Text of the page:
Kossuth County Advance from Algona, Iowa on October 6, 1966 · Page 16
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Kossuth County Advance from Algona, Iowa · Page 16

Algona, Iowa
Issue Date:
Thursday, October 6, 1966
Page 16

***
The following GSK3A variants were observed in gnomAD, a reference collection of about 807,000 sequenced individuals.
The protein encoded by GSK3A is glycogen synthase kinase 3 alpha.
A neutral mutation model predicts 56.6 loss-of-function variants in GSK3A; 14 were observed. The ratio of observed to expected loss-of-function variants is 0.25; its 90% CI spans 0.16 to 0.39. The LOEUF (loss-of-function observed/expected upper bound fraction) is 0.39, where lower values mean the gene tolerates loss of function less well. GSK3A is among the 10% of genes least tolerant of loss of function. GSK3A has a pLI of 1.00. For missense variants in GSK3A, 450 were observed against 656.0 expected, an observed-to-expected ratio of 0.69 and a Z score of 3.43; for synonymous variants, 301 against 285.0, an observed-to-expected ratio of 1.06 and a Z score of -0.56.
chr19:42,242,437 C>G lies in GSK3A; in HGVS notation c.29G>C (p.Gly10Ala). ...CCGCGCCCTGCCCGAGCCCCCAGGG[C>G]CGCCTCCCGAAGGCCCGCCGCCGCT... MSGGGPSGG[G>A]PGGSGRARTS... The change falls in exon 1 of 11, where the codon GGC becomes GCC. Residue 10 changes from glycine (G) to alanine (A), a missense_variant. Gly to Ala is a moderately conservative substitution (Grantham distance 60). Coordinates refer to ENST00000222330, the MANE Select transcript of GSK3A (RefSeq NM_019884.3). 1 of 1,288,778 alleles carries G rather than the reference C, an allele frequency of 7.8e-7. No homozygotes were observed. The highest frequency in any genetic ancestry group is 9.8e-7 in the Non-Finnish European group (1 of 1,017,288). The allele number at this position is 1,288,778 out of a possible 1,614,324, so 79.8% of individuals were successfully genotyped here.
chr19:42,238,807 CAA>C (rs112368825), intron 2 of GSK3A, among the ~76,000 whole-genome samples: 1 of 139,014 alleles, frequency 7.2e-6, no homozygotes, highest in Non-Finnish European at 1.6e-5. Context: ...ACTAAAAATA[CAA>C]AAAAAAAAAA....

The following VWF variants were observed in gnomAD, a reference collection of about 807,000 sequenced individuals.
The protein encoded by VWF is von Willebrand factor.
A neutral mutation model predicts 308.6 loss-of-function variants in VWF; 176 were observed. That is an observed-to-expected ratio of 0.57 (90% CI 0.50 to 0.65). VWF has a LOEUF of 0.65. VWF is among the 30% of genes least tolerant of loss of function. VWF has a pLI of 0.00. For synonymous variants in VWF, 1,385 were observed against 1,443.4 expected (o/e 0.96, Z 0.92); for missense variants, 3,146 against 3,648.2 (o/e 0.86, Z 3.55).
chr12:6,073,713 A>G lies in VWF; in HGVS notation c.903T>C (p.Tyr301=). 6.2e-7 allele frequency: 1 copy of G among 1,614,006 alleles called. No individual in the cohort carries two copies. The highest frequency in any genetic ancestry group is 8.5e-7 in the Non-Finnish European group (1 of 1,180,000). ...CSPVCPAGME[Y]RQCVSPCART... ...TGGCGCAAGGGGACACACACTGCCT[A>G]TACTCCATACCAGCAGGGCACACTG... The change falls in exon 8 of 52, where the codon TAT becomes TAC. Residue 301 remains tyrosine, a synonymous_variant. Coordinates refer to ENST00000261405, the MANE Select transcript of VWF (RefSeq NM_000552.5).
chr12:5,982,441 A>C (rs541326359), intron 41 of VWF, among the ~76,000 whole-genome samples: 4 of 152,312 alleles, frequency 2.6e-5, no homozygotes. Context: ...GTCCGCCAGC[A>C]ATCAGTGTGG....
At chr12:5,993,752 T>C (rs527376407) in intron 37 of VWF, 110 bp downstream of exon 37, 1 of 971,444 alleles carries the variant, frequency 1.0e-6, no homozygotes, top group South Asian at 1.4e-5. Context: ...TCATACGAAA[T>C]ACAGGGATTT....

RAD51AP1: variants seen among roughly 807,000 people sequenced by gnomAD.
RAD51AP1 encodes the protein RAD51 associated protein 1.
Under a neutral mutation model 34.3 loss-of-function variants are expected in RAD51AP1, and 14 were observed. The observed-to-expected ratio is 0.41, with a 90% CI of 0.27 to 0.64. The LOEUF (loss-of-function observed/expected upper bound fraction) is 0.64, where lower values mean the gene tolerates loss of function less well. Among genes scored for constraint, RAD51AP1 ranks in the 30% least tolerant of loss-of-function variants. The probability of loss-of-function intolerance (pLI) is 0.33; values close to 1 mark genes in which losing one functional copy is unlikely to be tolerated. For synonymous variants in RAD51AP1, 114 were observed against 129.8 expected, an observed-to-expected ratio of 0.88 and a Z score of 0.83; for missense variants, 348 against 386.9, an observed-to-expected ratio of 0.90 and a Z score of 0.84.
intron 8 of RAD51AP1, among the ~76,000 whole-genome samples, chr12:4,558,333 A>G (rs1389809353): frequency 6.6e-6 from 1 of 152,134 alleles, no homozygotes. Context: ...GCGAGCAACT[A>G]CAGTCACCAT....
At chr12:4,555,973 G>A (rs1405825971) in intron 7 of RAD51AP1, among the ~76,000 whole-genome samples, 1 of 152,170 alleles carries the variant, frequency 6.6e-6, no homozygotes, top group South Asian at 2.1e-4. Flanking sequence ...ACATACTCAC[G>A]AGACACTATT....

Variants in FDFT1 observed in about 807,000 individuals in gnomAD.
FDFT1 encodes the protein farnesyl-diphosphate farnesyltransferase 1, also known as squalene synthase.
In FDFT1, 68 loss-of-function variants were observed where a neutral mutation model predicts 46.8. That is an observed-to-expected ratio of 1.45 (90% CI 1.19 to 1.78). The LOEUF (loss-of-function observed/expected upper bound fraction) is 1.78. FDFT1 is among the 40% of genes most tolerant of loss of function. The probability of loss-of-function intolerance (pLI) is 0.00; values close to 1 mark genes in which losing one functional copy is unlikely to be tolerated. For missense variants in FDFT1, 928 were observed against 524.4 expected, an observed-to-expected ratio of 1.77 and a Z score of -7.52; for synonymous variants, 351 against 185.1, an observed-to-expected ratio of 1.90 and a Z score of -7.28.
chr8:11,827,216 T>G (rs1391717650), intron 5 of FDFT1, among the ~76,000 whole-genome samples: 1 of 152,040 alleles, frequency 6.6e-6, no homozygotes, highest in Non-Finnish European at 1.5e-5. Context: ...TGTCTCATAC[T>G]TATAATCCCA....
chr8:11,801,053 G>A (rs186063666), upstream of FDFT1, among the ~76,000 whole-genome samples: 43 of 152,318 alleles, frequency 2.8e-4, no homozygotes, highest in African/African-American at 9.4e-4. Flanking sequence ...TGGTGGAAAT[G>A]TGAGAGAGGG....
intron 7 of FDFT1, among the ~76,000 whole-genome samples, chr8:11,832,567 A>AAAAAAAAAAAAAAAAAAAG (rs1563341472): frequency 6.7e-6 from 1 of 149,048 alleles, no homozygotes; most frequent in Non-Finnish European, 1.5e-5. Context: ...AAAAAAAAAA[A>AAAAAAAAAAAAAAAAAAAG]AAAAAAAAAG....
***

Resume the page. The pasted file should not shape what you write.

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TSTAf HA *« ountv Advance oer, IN* Racism in reverse Once upon a time Martin Luther King said an unjust law should not be obeyed. This is now rising to haunt him as noting flares in cities over the country. ( In fact King is losing much of his strength in the civil righfe movement be,cause his moderate course does not' satisfy "the more militant groups. This'was evidenced recently by the replacement of moderates in the NAACP, with directors who advocate more force in the association. King and the moderates have lost control to the Snick and other militant groups. These, it is reported, have trained agitators who move from area to area to inflame rioters to action. ' THE BACKLASH is now evident in many places. In Georgia a segregationist \won the democratic nomination for governor. He was a political unknown and the party supported a former governor.' ' , » However when the segregationist won tiie democrats immediately flocked to his banner. Th4 democratic leaders were irii- pressed by the backlash vote, arid being practical politicians want to take'advantage' of it. In Alabama the Wallaces won big in their campaign based on segregation anil containment of the colored population" in that state. There were other less import snt nominations made on a similar platform. . '••;";'' ' IN NORTHERN CITIES the support The Johtison The trip of President Johnson to the Asian conference in the Philippines can have far reaching effects on the war in Viet Nam and the situation in Asia as regards China. There are seven nations committed in the Niet Nam war, with Australia and New Zealand the main large countries with the United States. • Australia and New Zealand are concerned with 'any expansion of Red China which must come in the direction of these two areas. ENGLAND, WHICH ONCE ruled the seas, no longer is a real major power in tiie world. Australia and New Zealand fear that in case of expansion of Red China, that. England is too far away and too weak to be effective in defending the two sub-continent nations against the Chinese. : The British are committed in occupation of Germany and in the Suez area. The nation's troops are not sufficient to take care of much more. In fact there have been demands in England to reduce foreign committments because the nation is lacing a possible economic collapse. These facts are not lost on the leaden in Australia and New Zealand. These"leaders are nervous about the progress of the Viet Nam war. If the United States pulls out of Viet Nam without a good buffer state existing the NAACP once had from liberal white peopfe has diminished as the rioting developed, \yhere the movement was once well financed it has now admitted financial troubles: , 7 ' < t ' ' Not only have the white contributors been frightened away but also the Negro Well-to-do have shied away from direct in- vplvment. The shift from peaceful marches to militant rioting shocked the Negro as Well as the white. This was evident in San Francisco where Negroes took over policing of their district to avoid further embarrassing rioting. Where once the prominent Negro entertainers rushed'to the peaceful march there, are nc4r none who want to get that in- Vdlyed!' ' , POLLS SHOW the white people who once,'were sympathetic to the Negro cause have changed their minds because of rioting. The whites are no longer talking. They haye had second thoughts and in the north particularly are becoming fearful of a Negro uprising. It is said in Los Angeles that most of the white population is armed. The poll shows 75 per cent of the population believe the Negro iis trying to move too fast. It is the untaught Negro most feared. He is, the one most apt to riot to get by ibrce what he couldn't get by his own efforts. There is'a reverse form of racism in the ghetto. This is the real threat to the advancement of the Negro. in Viet Nam then Australia and New Zealand face the real threat of Chinese expansion in their direction. ESCALATION of the war is worrying them because they fear the United States will eventually get sick of the whole situation and when the chips are down riot give the help Australia and New Zealand need to combat an active push by Red China. However neither Australia nor s New Zealand have the troops and resources to fight a real war in Viet Nam. There is some dissatisfaction in both of those countries with the Viet Nam war. THE HOPE OF THE two "down under" countries is that the United States will win decisively in Viet Nam, or' at least ; win enough" to establish a buffer state in the southern part of Viet Nam. Australians and New Zealanders .know full well the lack of strength of island countries in the far East. They are also aware of their own deficiency. . Thus their hope is President Johnson will come up with a solution to the problem fif containing Red China in Viet Nam. Whether the Johnson visit will encourage the leaders of the two nations is dependent on whether Johnson has any real proposition to advance or whether this is just a political trip to inflence the November election. If it is the latter the leaders of the two nations will be disillusioned. Improper ; Ther.e are twjo aspects of the situation infiwhichjf the' state 'liquOjr^commiasd^q- was, a |ostSt a hospitality room at whijph liquo^ was served. • ' ' ' In the first place a state commission should have no hospitality'j'rpp'ni, TWeye is no reason for it. The commission Has no business currying favor with anybrie. In the second place the liquor and the room were "donated." By whom was not announced. This is more serious for the "donator" must have some purpose in mind to pay the cost of the'room and liquor. For both reasons the commission, had no business in the hospitality, racket that infects some conventions. It wa^ entirely improper. months. Anyone who buys groceries knows (hat prices are up on the regular items of diet with bread and milk as two examples, I, .The dollar is buying less and less and t it ic this wholesale spending spree, partly caused by the Viet Nam war, that is causing prices to climb. The national administration has encouraged labor to mounting increases in wages which are reflected in the price of merchandise. And if Iowa spends 1100,000,000 in the next fey/ months it will add to the pressure to reduce the purchasing power of a dollar, """ " v ' -'" ' ' : Inflation The fussing between Hughes and Murray over whether to refund a part of tJhf double collection tax windfall has obscured the real issue of the campaign in Jpwa. It would seem the Hughes Idea i^ to spend the money in this corning session fop buildings an4 so forth which he says; are urgently needed. If ttiis is done it will ad4 to the fires, of iaflation in Iowa. Spending of th§ plus, which will reach one hundred dollars by n/ext Ju4y will have Sri i ary impact pn the Iowa econpjny. President Johnson has been Jectujing governors in called-in visite at the Wljite House on pujlflng d.own spending by tlii^ sta-tes to curb inHatdon. Governor Hughes, it is reported, did not attend one of these little get-to|e4hers. ; The presMent of course is trying to J»*t the curse Qn governors while still spen<Jl- jug wiWly on his Great Society progjrpn§. He wants the states to curb infMon while he gets the credit in I960 for federal spipd. ing. Inflation has accelerated in recent The threat of taking off the popular Burlington Zephyr train would if permitted pirUte a blojv at rail transportation that is most pleasant, relaxing and scenic. Th^ JSepbyr is the child of three railroads —* BurHrigton, Denver & Bio Grande, and Western Pacific. The latter which hauls the train about a thousand miles, Wants out because of a million dollar loss a year. there should be sonie way to permit these trains to continue — even if a gov- <jr»n-|^nt subsidy is necesiBary. Rail travel i#, refexing, scenic, inexpensive, and deposits the traveler downtown instead of wit in the country. Oldsters are again being wn|u,se4 anno,u^njent§ Q| new cars. a ^r wa§ known by the maker's abnpsjt any animal, the nioye j^tfr, seemis to be the rule. Jt -fcakes an expert or a youngster to know tfoem, apart for almost a year and then they conie out witfe new ones! Lj|i is coafusing enough without h§v- m 1° t$& y$$bft $ ear is a Be^, 9 or a Rhinocej-ous'. ' Can't e a person's , •< '*. K- «* - - iv ' •*« ' (M. i. CraMM »n Iff(• Orttv* fifft) One of the fallacies we notice frequently in both civil right* demonstrations and in civil rights. legislation is the tendency to ignore the fact that they are, to varying degrees, attempting to force a change in people's at' titude which is impossible to accomplish. It is possible to force a person to do something and regulate the way in which he does it btit you can't force him to change the way he feels about it. To change his attitude tyou must lead him, not push him, to it. When you try to, force, that person to change his attitude you' merely entrench that attitude deeper. Assuming the attitude (or call it prejudice) is based on incorrect facts, you must correct these facts before you commence to change the atti- Katzehbach lininatfon *," < » r t This is why we feel the civil righto movement was making batter and irtore real' gains before the idea of "Black Power" started gaining strength. The peaceful demonstrations made people think and decide for themselves that their attitude might be wrong arid could use some overhauling. "Black Power" on the other hand issues a challenge of strength which will be ansewered with strength, Note that Norman Rockwell and his Nazi party had a relatively meager following during the days of peaceful demonstration by the Negroes. Recently, however, more and more heck' lers are displaying' his swastika and repeating his chants of hat; red. While most of'these new "followers" probably reject the Nazi ideals for which he stands it is the form of strength they have found, ready made, to re- Police hamstrung in work trying to enforce the law (M. B. Crabbt in Eagl* Grovt Eagl*) We have always believed in individual rights and freedom but things have, reached the point of being ridicuplous. The particular case we have in mind is the one where some minors in possession o beer were arrested by a peace officer. When he took them to court the case was thrown out because the judge rilled that when the officer stopped the youths he violated their constitutional rights when he asked them their ages. This put a peace officer in an impossible situation and robs the public, you and your family, your neighbor and his family, of the right to be protected by the peace officer. We give the peace officer a badge, show him the laws and tell him to go out and enforce • them. Then we tie his hands and i feet with technicalities'arid crit- - ioize him for hot doing the job x we are paying him (poorly) to do. " '.-'•;' "' ; ' . .'..'. . • l ', As it Is no\y he is virtually hamstrung as he tries to do his job. Some groups are clamoring for more rights and freedom and, in many cases, rightfully so. The ironic part is that each time they get their wishes it automatically applies to all of society, including the habitual criminal and those of the younger generation who like to flaunt the law and the police are quick to take advantage of such situations and make full use of them. The police have to play by a set of rules which keep getting tougher while the criminal has no rule except to win, " ' As' per usual the public, you, are the loser. If the police cannot convict a law-breaker because of technicalitites we cannot expect them to protect us from Mm, whether he be a drunken driver (adult or juvenile) or a burglar'breaking into your home or business. Whose rights are transgressing whose? ». In pioneer days a man carried a gun and protected what was his..Society saw fit, and rightly ,so, to give peace officers more authority and delegate him to protect us and our property. Now his. authority is being stripped from him and it looks like we will have to go back to finding our own, means of protection. i Absent vote decides elections (C. P. Wood* i" Sheldon Sun) In close elections, the absentee vote decides the Issue. In the I960 presidential election, Richard Mv Nixon carried the State of California by the absentee vote.' There are countless examples of absentee votes making "the" dif^ ference between defeat and victory in close elections. • It has been estimated that there are nearly a million Americans presently outside the continental limits of the United! States. In addition to this, there are always countless thousands of potential voters away from their home precincts on Election Day but still within the borders of the United States. The mobility of the American people makes the absentee ballot a highly significant factor in every election. It enables millions of American citizens who would otherwise be disenfranchised to cast a ballot for the man of their choice. If you expect to be away from your, permanent residence' on Election;' Day^you o\ve it to yourself as a citizen to obtain an absentee ballot. The right to .vote is ,tlie most fundamental of all our rights. The behavior and performance of officeholders, at every level of government, is dictated by the. knowledge that periodically they must come before the bar of public opinion in the polling booths. The caliber of men in public life is a direct reflection of the wisdom and judgement exercised by the voters. When it is time to vote, you are the wily person in the booth. If you cannot be there personally, let the absentee ballot serve as your proxy. Hidden taxes are expensive (N«il Maurtr in Laurant Sun) The average person has no idea how much he is paying in taxes of one kind or another, due to the fact that many forms- of taxation are camouflaged if not actually hidden. State and federal taxes on gasoline are certainly not hidden, yet few motorists actually realize what a high percentage of the price they pay is tax. An interesting story is told in a book, "Gasoline Price »n4 Conv petition" by Harold M. Fleming, recently published by Meredith Publishing CQ. A chart in the book compares gasoline prices and taxes on Compulsory unionism (C. P. W<K>d« in SMdon $yn) Under Section 14 (b) of Tart-Hartley Act, abajtes are empowered to enact what hgve become known as RigJjst to Work laws. Nineteen states have enacted such laws ovey the bjttey oppQsJ4|oji of union le«4trs. Yet, Right to Wprk fews, under the Tali-Hart-. ley A$, are not antjunion. They sjnjply protect the righto of 9 from coercion tjist is jni- in compylsory union^ni. rps has re&jned Secti,O!ij 14 (b). The cairns of union spokes? regular grade gasoline, during the period from 1919 to 1964. it shows that gasoline prices have fluctuated, but taxes have climbed steadily higher. In 1919, for instance, station price for gasoline was 25,47 cents per gallon, of which 25,41 cents was the actual price arid, only O.Q0 ceiits was for state and federal taxes. By 1964, on. a station price; of 30.35 cents, the tax bite was 10.37 cents and actual price of gasoline without taxes was only 19.48 cents. Every person, is a taxpayer, whether you reah'ze it of riot. And chances are you are paying fa,r roore than you think, men that Right to Work laws hurt the opse <# legitimate uri, ionism have no ba^s. On the conr trgry, § report, from |ht y. §?, Departn^nt of Ubor disclose* tloat during the four year perio4 in 1964, tlie n»tion*J e4 a net loss of in won-Rjght to Work state* and refill a net gain of 87,000 menifcers m to Work states- Moreover, partm^njt Qf l^hjpr & show th*t Right to Work l»w* sub^ajnjtijajly to eco- sist "Stack Power," , . ' Housing tegUlation f*c« • wallv too. Perhaps a man must accept legitimate offers If % has his house/ for sale but he does not necessarily have to put it up for sale. He can "accept an offer from a friend" and who can prove differently? 'Attitude makes the difference. fake an entirely different example'and look at how it to being approached. That is the growing death rate on our highways. These accidents cannot be legislated out of "existence because , a driver's attitude at any given moment may either cause or prevent an accident. Authorities realize they must improve driver attitude to have any lasting effect arid are searching for a way to do so. The civil rights movement, to fully' succeed, must also concentrate on changing attitudes. * T* Don Reid's / * , -, ,, dilemma (Don R«id in W«rt Dts Molrm Express) We were having a family dinner. Dorothy's mother had baked an apple pie, To Us, it tasted just dandy but Its author was not quite satisfied with it. "Dorothy," she said, very puzzled, "your vinegar does not seem to be quite right." She got the cruet out of the kitchen cabinet to prove it. ' •" "Oh, heavens!" said my little wife. "That is not vinegar inV the vinegar cruet; that is maple 'syrup." ''•}"'.'. , ~' " ' . ' "•' • " , "That figures," I told her mother. "Around here, we keep the coffee in the sugar can, the sugar is in the cookie jar and. the cookies are in the flour bin;" "I have a system," Dorothy said stoutly. "Speaking of your system," I went on, "a funny thing happen- • ed on my way down to the basement to take a shower last Sunday. I wanted to shampoo my hair, sol poured a little vinegar out of this cruet for a rinse. You know, vinegar 'cuts the soap and all that sort of thing." . "Oh, my goodness!" I waggled my fork at my little wife. "Like your mother says, the vinegar did not seem to be quite right. My hair, such as it is, has b«eaiaianess .aU week,?; and the flies have been driving me crazy." . "Oh, dear," Dorothy said, "I will change .this immediately. But I told her, Never! mind. Once a person catches on to her system, It's a simple way to run a kitchen. • ' ; , . Still, I will always remember the time .one of my friends came info our hotel room in Chicago arid spied an Alka Seltzer bottle on the -dresser. ! ^ The tablets did riot fizz up very good but he drank the stuff anyway. How surprized he was to find out that on that trip, Dorothy was keeping soap tables iu the Alka Selzer bottle! I remember one time, when Dorothy was sick a-bed I reorganized the kitchen. When I had finished, the sugar was' back in the sugjar jari the coffee %»« back in the coffee can and so forth. When I proudly made my report, her tem'perature went up to 102; I no longer change thiiigs around. I just watch a little more carefully. I am a little embarrassed to think that; after aji these years, I. would get hooke-d on a sample little matter like syrup in th^ vinegar " . . , . Alter all, where would you ke«ip:it? . •• ;' ' " •""• " F auto (Paul Smith in Rock Rapid* Reporter) Ford Motor company has announced that it is building an electrically driven car—an<J will test it in Ejngtewi this year—in the United States later. The announcement means that the m- tomobile builders have come alt TST WTS^TTr ™™?P19~?i ft? 1?9K ^ S* Tf™f^fa*f Bp* most a complete circle since the first cars were built In the early (Jays an electric car was quJle the thjng^r-even though tbjey fQ"J4 QI^ ge for a few mile* be, fore they h$4 to be hooked up to the electricity *nd nave their If wt ttwnk that ttie sutpmobjie is the final '•„„ surface transportation, m _., anofljer think comjnfc Ford's c car, Chayfitr's f with a g*s turbine prosperity. Right to Work states ar^ WPWg t^ riepajining s the creation of new jobf in an4 iQ4u>try, in ^ an4 in -fl^ Qf new w<%m pid unbedOed in co paving, are all Imrif considered. • esiji exj?ect continued #& ill the car industry—but 14 Mt % too surprise^ if we ^yen get * revolution of these df ys. raised some questions ). V*v»>r%V" «>, . A S*f, r «*» ,1^ -V r <W. The newspapers volufhjittiii in " tiaWfe', tefii amm in wunwnMinr _-.., General Katbenbadrwho Ha* just beert trajisferretf froih torney General Katzenbach who ' ' secretary of state. I that h* might eventually Dean Rusk as head bff that de* parftneflt. ' However, LBJ frown* upon conjecture. He is quick to stop talk about Rusk stepping out or tttoo is to be,named attorney general. At least as this is written he has made no new appoint- men*. , 'But we read in Human Events that a group of Ohio'legislators have critized' Katzenbajbh be- dause as^attbrney general, he did nothing to put a quietus to the Unpatriotic routings' of Stokely Carmichael, exponent of "black power,""" Here is ' a paragraph front Human Events bearing on the<*iibjeet: , For mote than • , r 4 ,. month the lawmaker* have bombarded the attorney general with letters, telephone calls 'and "'""—— urging prosecution of f6r telling Cleveland defy "the Setestive ! and not register, for But Katzefibach Has ing. ' We have wondered ourselves just how Carmichael can get away with expressions tttat used to be called treason, particularly in war times. Now it'goes by the name of "dissent." In the case of Carmichael, we appear to be overlooking the cause of much of the rioting in bur cities. We thought Carmichael had been arrested down in Mississippi or Georgia or some other southern state. But he'has been released on bond. Agitators, such as he are dangerous. We wonder why he is permitted 1 to be at large, defying our laws. ? A t 0 O N A KOSSUTH COUNTY ADVA NCI Published "by tht Advance Publlihlng Co., Mondays and .Thursdays, o«f!ees and shop? • 124 North -Thorlngton St., Algona, lowo. 5051P > ' 'Editor and publisher, Duane E. Dewel, Managing Editor, Julian Chrlschlllet. NATIONAL NEWSPAMI 4DVANCI SUMCRIPTION RATI ,One Year In County and to nearest post office outside of County — SS.OO Six months in County and to nearest* post office --------------- $3.50 Year outside County, and to other than' nearest outside , P.O.s ---- $7.00 Jl' t *, All rights to matter published 'In the Algono • Kossuth County. Advance are reserved, including news, feature, advertising or other, and reproduction in any manner is prohibited' except by written permission "of' the publishers of the Algona Kossuth County Advance in each instance. All manuscripts, articles or: pictures are 'sent, at , the owner's^ riik. ' > Insurance Investments ALCONA INSURANCE AGENCY J. R. (Jim) KOLP Surety Bonds — All tines of Insurance 206 East State St. Ph. 295-3176 BLOSSOM INSURANCE ; ; AGENCY All Lines of Insurance 109 North Dodge Ph. 295-2735 BOHANNON INSURANCE SERVICE 6 North Dodge St. Polio, Insurance Ph; 295-5443 Home— Automobile — Farm KOSSUTH MUTUAL INSURANCE ASSOCIATION Ov.r $102,000,000 worth of ihtrine* in fore*. A homt Safo, ttcur*. LbU Seuffham, S««y. HERBST INSURANCE " '"' ' Chiropractors' OR. D. D. ARNOLD Chiropractor 120 N. Moore Mon. - Wed. ^ W. 9 a.m. - 5 pm Phone 295-8JW1 DR. M. R. BALDWIN Chiropractor Office Phone Res. Phon* 295-2378 295-3306 Office Hours: Mon. - Tues. - Wed. - Friday 8:30 - 5:00 Thursday and Saturday 8:30-12.00 . Friday evening — 6:30 - 8:39 Farm Management CARLSON For Auto, House, Household Goods, and Many. Other , Forms Ph. 295-3733 T«d S. H»rb«t , RICHARD A. MOEN .'.""-" Representing FEDERATED INSURANCE """ Modern on«-t»op j ; Insurance Service Business • Home - Car • Life 295-5955 P.O. Box 337 Sundft liwuninet Agency Complete Insurance Service 118 South Dodge Algona, Iowa Phone LEON H. LAIRD arm Management 3d management is Good Business 820 So. Harriet Phone 295-3810 RICKUFI 4 GEELAN INSURANCE AGENCY All TWM «f I ffi, JfS-SSW or ALGONA Dr. HAROLD Vf. ERICKSON Eyes Examined, Contact Lenses, Hearing Aid Glasses. '•'•'•'' JOHN N. KENEFICK, M. D. Physician and; Surgeon 218 W. ^tate Office phone 295-2353 Residence Ph. 295-2614 MELVIN G. BOURNE, M. D. Physician 5t Surgeon 118 No MopwsJ; Qffl(?e Phone 295-2945 Residence Ph. 295-2277 DAN L. BRAY, ^ D. ~~ M.D. Clinic Bldg. 109 W. Bate's*; Algona, Iowa Office Ph. 295-2828 JQHNM, $cHurrm,M. D Phone 295-2335 Phone 2JI9-2196 9:00 a.m. to 5;00 p.m. Closed Saturday Afternoon* OR. PONALD J. KINOFIILO ^fF*4Wurwy&j9^fy w rffWff* wiPTMBryf WPy wriWw Vlflual Trtining Contact Lensef 108 So. H«rl«n, Algon* * Resio>nce Phone 8^5917- Physicians and Surgeons 220 N. Dodge, AlSma Office Phone 2fW40t OR. J. B. HARRIS JR, Dentist E SUte St. ' * OR, LEEOY i. SHQHMAN g|oss!4 'Saturday" Afternoon* j^ jj. M^fe SI. Crfdit